I've been studying Japanese for about 3 years, passed N1 last December (was not expecting that) and wanted to brush off one of the biggest questions I've ever had on Kanji (bugging me for about 2 of the 3 years). You see, there's this Weird Kanji on this rock that I can't seem to find anywhere else:

rock kanji

The second two say 大山{だいせん}, which is already 表外読み, so this is obviously a rather old inscription I'd assume.

I've tried looking this kanji up everywhere, such as on https://www.kanjipedia.jp/sakuin/soukakusu/4 (which tbh doesn't even have that many kanji, only those needed for 漢検一級 and a little more) and https://kanji.jitenon.jp/ which claims to have 12,300 kanji entries. No luck though.

I've even looked through Chinese Hanzi dictionaries to see if it's some old form or whatever. The closest I've come is http://www.zdic.net/z/86/js/20A2C.htm which is supposedly a variant of 巵{さかずき} which means "sake cup". Pretty sure this mountain has nothing to do with Sake Cups.

Honestly it's probably lurking somewhere in the Daikanwajiten, but I don't really have that huge thing at home (nor in my city I think)

I did find this though: http://www.zdic.net/z/8b/wy/21BC3.htm It seems like a pretty lonely hanzi/kanji, with no definition of any sort... I went to the "web discussion" on the hanzi, and some user talked about stone inscriptions... Does any Kanji God know what this Kanji means/is?

Thanks everyone!

Edit: I realised that the user in the discussion was actually stating dictionaries of characters (I assume those that contain the mystery character). These included 興聖寺四十人等造碑像記, 增訂碑別字, 碑別字新編, and 異體字字典 廣碑別字, the latter of which led me to an online 異体字 database.


oh. This was an archaic 異体字 of 左 all along. How whimsical. At least now I know that this is on the left of the mountain, instead of having to mentally associate the mountain with sake cups.

Geez. And there's like 8 variants of 左.

  • 4
    Well, pending on where you found it, it's either a variant of 龍 or 左 (as you've already noted; the character looks like 㔫 or 𡯃). I haven't found any convincing matches for a 龍大山, 竜大山 or 左大山, however.
    – dROOOze
    Commented Mar 26, 2019 at 6:14
  • Also, where is this stela located? Knowing the location may lead us to the official name of the place, which could provide clues. Commented Mar 26, 2019 at 15:43
  • 2
    これですね→ 194116410.at.webry.info/200801/article_29.html
    – chocolate
    Commented Mar 27, 2019 at 16:01
  • 1
    Thank you, @Chocolate! The poster never explained why they were so sure the 大山 part was read as だいせん. For instance, there are also several places called 大山【おおやま】, not to mention similarly-written places in China. Narrowing this down to 鳥取県 definitely helps clarify the context. Commented Mar 27, 2019 at 22:50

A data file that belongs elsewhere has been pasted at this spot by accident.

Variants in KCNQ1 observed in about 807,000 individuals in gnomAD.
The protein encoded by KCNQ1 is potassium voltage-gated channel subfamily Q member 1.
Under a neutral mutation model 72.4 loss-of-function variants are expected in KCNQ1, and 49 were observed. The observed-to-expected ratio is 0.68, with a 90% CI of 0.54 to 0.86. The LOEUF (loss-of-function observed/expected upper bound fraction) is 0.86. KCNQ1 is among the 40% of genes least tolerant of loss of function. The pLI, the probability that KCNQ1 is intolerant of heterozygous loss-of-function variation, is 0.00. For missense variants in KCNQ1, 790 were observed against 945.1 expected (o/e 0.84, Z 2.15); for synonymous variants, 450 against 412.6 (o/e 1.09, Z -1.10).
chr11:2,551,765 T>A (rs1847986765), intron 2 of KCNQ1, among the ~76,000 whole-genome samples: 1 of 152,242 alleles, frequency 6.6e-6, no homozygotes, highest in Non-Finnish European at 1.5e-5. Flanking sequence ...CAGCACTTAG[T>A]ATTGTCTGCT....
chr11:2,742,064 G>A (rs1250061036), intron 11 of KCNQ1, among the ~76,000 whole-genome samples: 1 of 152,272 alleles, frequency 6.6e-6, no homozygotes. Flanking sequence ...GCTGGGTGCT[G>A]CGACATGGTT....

1 Answer 1


Some follow-up detail.

The kanji, the full term, and the reading

Chocolate commented on the initial question that she'd found a blog post with more information about the location of the stela:



The post includes a picture of this same stela, albeit at a different time of year:

So we can tell that the 大山 of the stela is interpreted by this other author to be equivalent to 大山.

Since this is indeed in Tottori Prefecture, we know that the 大山 is indeed read as だいせん, and not as おおやま.

The specific location: what does 㔫・左 refer to in this context?

For any map geeks reading this, I tracked down the exact location. This link should open in Street View, looking roughly east by southeast, showing the 㔫大山 carved stone on the left.


Sometimes Google is awesome. Being able to find this obscure location in Street View was really cool.

  • However, as you can see by viewing this location in Google's overhead view and zooming out, this is not "on the left of the mountain", as the OP guessed: this is on the flats along the Sada River, roughly 4km from the base of 大山. So the 㔫・左 cannot mean that we're on the left of the mountain.

  • In order to get to 大山 via the old 大山参詣道, as described in that blog post, one would continue east on this road and turn left at the next intersection to follow along what is now Route 36. Then again, the intersection is some 200m past the stela, so I don't think the 㔫・左 refers to turning left either.

  • Nor is 大山 on the left-hand side of the road. In fact, it's visible almost dead ahead straight along this road (although the road doesn't go all the way to the mountain). So the 㔫・左 also doesn't mean that 大山 is on the left.


The 㔫 does seem to be just an alternative form of 左. But, ultimately, I'm baffled what the 㔫・左 part of the stela is intended to mean. I'm curious if anyone can shed some light on that.

  • 1
    㔫 might be [㔫]{さ}, related to Sada (is Sada 佐陀?).
    – dROOOze
    Commented Mar 30, 2019 at 8:14
  • 1
    @drooze I just checked and it is 佐陀川.
    – Ringil
    Commented Mar 30, 2019 at 14:51

You must log in to answer this question.

Not the answer you're looking for? Browse other questions tagged .